Part of what it means to be an American, lately, is to be a subject of curiosity and concern for people from elsewhere. Friends in Canada and Europe often ask me how I live under the threat of gun violence or accept the loss of what they consider basic human rights. Louis-Phillippe Dalembert’s 2021 novel Milwaukee Blues, out this week in Marjolijn de Jager’s English translation, makes me feel the same way those inquiries do. Dalembert is a Haitian writer who has lived all over the world; his novel—which circles an act of police brutality against an African American man in Wisconsin, modeled explicitly on the killing of George Floyd—strikes me as his attempt to explain to a Francophone reading public what the hell has been going on here.
The novel’s primary subject is Emmett, a former college football star, father of three, and Whole Foods security guard who has been murdered by the police outside of a convenience store. (Yes, Emmett like Emmett Till: His parents, Dalmbert writes, “must have been activists.”) To tell his story, the novel shifts perspectives, chapter to chapter, from the Pakistani Muslim clerk who regrets calling the police over a counterfeit bill, to various people, white and Black, who knew Emmett as a child and in college—a teacher, friends, ex-girlfriends, a coach. These sections deliberately swing from precise observation to cliché, reflecting the way that people’s profound experiences get flattened into hollow slogans as they circulate on social media.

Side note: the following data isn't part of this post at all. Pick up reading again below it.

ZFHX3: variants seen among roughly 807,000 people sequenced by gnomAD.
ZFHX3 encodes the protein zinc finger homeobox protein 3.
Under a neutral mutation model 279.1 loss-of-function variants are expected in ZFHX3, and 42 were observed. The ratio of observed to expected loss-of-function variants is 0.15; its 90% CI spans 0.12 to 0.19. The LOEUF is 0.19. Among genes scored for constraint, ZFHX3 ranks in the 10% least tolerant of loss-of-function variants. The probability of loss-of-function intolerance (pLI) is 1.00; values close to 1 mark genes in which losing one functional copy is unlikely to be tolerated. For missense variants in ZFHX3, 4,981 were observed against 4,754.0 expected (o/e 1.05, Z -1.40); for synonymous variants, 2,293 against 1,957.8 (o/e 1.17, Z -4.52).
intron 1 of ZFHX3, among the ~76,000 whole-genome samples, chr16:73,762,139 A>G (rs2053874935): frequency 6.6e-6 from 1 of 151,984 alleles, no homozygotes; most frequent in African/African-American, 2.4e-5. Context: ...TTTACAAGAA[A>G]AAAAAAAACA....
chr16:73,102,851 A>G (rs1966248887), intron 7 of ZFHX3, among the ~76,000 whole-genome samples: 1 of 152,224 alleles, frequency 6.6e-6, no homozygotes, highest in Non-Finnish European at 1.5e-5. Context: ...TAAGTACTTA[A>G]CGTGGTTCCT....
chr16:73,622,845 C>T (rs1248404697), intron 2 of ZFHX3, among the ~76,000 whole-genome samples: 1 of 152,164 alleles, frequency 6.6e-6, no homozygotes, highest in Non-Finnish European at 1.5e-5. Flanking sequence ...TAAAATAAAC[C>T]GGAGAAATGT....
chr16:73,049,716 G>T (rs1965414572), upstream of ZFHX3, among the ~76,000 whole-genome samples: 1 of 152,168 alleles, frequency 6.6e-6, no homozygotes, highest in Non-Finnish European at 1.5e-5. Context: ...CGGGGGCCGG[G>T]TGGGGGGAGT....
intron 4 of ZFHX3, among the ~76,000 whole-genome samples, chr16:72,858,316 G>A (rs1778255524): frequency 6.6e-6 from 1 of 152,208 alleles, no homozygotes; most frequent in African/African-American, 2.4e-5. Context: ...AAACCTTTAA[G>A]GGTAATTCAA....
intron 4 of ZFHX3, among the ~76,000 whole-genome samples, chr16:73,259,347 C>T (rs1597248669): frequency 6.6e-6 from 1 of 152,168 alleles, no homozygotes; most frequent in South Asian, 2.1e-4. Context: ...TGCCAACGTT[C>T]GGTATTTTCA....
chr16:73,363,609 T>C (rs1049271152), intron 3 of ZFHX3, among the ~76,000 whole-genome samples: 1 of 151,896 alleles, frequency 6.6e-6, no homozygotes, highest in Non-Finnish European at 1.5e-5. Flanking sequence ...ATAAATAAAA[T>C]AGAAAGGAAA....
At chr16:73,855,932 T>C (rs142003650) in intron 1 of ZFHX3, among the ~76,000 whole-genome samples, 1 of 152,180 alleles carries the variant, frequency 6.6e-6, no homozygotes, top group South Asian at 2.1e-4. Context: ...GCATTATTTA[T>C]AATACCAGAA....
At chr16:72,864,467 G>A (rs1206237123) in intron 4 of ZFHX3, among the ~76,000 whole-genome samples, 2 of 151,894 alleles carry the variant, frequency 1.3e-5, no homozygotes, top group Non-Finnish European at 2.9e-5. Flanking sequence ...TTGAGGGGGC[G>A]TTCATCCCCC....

The last third of the book swerves in an unexpected direction, focusing on two activists—a young Haitian American woman, Marie-Hélène, and a dreadlocked white American Jew, Dan—who work together with a local religious leader to organize a march in Milwaukee in Emmett’s memory. Dalembert spends a striking amount of time on Dan: “a vegetarian like many true Rastas, and an Ashkenazi Jew,” with grandparents who were “civil rights activists” and “early members of the local NAACP” who now decry “those fascist wheeler-dealers leading Israel today.” Dan is more comfortable with radical protest actions than Marie-Hélène; when she calls him “Ogou Feray with kosher sauce,” referencing “the Vodou spirit of war,” he’s delighted: “That’s brilliant, it suits me.” The novel ends by imagining Dan and Marie-Hélène, many decades in the future, each telling the story of the march and protests they led to “their grandchildren . . . who would be human beings first before being Americans, Jews, Haitians, Blacks, Whites.”